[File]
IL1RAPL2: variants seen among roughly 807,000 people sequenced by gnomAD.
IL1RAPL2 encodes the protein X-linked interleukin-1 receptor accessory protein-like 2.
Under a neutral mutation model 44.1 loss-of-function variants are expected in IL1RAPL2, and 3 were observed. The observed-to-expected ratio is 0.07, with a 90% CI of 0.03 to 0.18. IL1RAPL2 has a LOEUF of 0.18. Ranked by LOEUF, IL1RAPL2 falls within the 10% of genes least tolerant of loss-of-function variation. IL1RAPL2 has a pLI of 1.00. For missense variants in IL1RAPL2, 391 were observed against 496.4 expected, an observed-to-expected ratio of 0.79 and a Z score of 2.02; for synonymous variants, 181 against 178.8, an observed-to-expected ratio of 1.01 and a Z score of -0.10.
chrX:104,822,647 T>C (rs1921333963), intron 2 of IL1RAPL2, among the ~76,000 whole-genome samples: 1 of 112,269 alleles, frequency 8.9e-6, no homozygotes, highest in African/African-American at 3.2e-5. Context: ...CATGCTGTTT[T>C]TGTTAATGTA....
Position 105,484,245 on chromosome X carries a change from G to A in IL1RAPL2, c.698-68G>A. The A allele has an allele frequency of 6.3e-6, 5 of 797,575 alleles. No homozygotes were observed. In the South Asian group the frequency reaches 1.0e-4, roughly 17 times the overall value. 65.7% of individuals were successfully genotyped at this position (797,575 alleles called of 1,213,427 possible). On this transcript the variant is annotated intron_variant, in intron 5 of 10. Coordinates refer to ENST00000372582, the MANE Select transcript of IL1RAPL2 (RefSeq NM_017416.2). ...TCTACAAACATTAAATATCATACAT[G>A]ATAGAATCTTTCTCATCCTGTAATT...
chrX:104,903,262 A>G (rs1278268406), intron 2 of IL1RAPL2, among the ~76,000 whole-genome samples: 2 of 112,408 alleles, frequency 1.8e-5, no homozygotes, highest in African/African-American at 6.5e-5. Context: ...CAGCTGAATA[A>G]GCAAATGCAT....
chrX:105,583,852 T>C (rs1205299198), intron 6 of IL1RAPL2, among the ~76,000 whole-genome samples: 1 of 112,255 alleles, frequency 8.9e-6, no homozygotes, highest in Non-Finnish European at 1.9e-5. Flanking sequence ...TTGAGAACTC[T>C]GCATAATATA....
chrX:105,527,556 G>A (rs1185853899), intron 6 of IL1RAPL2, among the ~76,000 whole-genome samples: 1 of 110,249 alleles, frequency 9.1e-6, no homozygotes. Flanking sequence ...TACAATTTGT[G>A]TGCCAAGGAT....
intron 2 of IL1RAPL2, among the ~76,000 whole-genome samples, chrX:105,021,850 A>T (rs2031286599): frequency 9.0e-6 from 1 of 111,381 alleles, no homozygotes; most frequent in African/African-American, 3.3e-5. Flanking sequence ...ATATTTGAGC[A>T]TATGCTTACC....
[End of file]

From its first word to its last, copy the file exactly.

IL1RAPL2: variants seen among roughly 807,000 people sequenced by gnomAD.
IL1RAPL2 encodes the protein X-linked interleukin-1 receptor accessory protein-like 2.
Under a neutral mutation model 44.1 loss-of-function variants are expected in IL1RAPL2, and 3 were observed. The observed-to-expected ratio is 0.07, with a 90% CI of 0.03 to 0.18. IL1RAPL2 has a LOEUF of 0.18. Ranked by LOEUF, IL1RAPL2 falls within the 10% of genes least tolerant of loss-of-function variation. IL1RAPL2 has a pLI of 1.00. For missense variants in IL1RAPL2, 391 were observed against 496.4 expected, an observed-to-expected ratio of 0.79 and a Z score of 2.02; for synonymous variants, 181 against 178.8, an observed-to-expected ratio of 1.01 and a Z score of -0.10.
chrX:104,822,647 T>C (rs1921333963), intron 2 of IL1RAPL2, among the ~76,000 whole-genome samples: 1 of 112,269 alleles, frequency 8.9e-6, no homozygotes, highest in African/African-American at 3.2e-5. Context: ...CATGCTGTTT[T>C]TGTTAATGTA....
Position 105,484,245 on chromosome X carries a change from G to A in IL1RAPL2, c.698-68G>A. The A allele has an allele frequency of 6.3e-6, 5 of 797,575 alleles. No homozygotes were observed. In the South Asian group the frequency reaches 1.0e-4, roughly 17 times the overall value. 65.7% of individuals were successfully genotyped at this position (797,575 alleles called of 1,213,427 possible). On this transcript the variant is annotated intron_variant, in intron 5 of 10. Coordinates refer to ENST00000372582, the MANE Select transcript of IL1RAPL2 (RefSeq NM_017416.2). ...TCTACAAACATTAAATATCATACAT[G>A]ATAGAATCTTTCTCATCCTGTAATT...
chrX:104,903,262 A>G (rs1278268406), intron 2 of IL1RAPL2, among the ~76,000 whole-genome samples: 2 of 112,408 alleles, frequency 1.8e-5, no homozygotes, highest in African/African-American at 6.5e-5. Context: ...CAGCTGAATA[A>G]GCAAATGCAT....
chrX:105,583,852 T>C (rs1205299198), intron 6 of IL1RAPL2, among the ~76,000 whole-genome samples: 1 of 112,255 alleles, frequency 8.9e-6, no homozygotes, highest in Non-Finnish European at 1.9e-5. Flanking sequence ...TTGAGAACTC[T>C]GCATAATATA....
chrX:105,527,556 G>A (rs1185853899), intron 6 of IL1RAPL2, among the ~76,000 whole-genome samples: 1 of 110,249 alleles, frequency 9.1e-6, no homozygotes. Flanking sequence ...TACAATTTGT[G>A]TGCCAAGGAT....
intron 2 of IL1RAPL2, among the ~76,000 whole-genome samples, chrX:105,021,850 A>T (rs2031286599): frequency 9.0e-6 from 1 of 111,381 alleles, no homozygotes; most frequent in African/African-American, 3.3e-5. Flanking sequence ...ATATTTGAGC[A>T]TATGCTTACC....